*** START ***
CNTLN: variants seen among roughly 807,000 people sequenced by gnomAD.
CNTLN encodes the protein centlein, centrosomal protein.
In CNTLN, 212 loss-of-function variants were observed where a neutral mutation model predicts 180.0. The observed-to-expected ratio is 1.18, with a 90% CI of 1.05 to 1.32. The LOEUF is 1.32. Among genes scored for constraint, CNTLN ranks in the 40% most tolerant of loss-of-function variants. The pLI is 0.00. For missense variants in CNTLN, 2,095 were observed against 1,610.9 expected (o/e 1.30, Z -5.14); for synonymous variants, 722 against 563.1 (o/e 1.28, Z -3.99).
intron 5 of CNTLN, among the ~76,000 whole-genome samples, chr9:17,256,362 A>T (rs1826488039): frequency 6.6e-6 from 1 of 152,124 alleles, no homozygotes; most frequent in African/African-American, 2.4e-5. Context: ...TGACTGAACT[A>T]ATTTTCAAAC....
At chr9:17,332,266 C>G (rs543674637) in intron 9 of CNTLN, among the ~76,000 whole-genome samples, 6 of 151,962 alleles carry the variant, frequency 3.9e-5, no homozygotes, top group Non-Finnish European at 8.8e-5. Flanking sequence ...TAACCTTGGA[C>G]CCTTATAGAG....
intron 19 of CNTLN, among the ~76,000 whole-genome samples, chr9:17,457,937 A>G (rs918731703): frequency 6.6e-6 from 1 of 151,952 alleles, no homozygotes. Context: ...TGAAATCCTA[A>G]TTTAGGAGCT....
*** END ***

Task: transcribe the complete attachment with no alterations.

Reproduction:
CNTLN: variants seen among roughly 807,000 people sequenced by gnomAD.
CNTLN encodes the protein centlein, centrosomal protein.
In CNTLN, 212 loss-of-function variants were observed where a neutral mutation model predicts 180.0. The observed-to-expected ratio is 1.18, with a 90% CI of 1.05 to 1.32. The LOEUF is 1.32. Among genes scored for constraint, CNTLN ranks in the 40% most tolerant of loss-of-function variants. The pLI is 0.00. For missense variants in CNTLN, 2,095 were observed against 1,610.9 expected (o/e 1.30, Z -5.14); for synonymous variants, 722 against 563.1 (o/e 1.28, Z -3.99).
intron 5 of CNTLN, among the ~76,000 whole-genome samples, chr9:17,256,362 A>T (rs1826488039): frequency 6.6e-6 from 1 of 152,124 alleles, no homozygotes; most frequent in African/African-American, 2.4e-5. Context: ...TGACTGAACT[A>T]ATTTTCAAAC....
At chr9:17,332,266 C>G (rs543674637) in intron 9 of CNTLN, among the ~76,000 whole-genome samples, 6 of 151,962 alleles carry the variant, frequency 3.9e-5, no homozygotes, top group Non-Finnish European at 8.8e-5. Flanking sequence ...TAACCTTGGA[C>G]CCTTATAGAG....
intron 19 of CNTLN, among the ~76,000 whole-genome samples, chr9:17,457,937 A>G (rs918731703): frequency 6.6e-6 from 1 of 151,952 alleles, no homozygotes. Context: ...TGAAATCCTA[A>G]TTTAGGAGCT....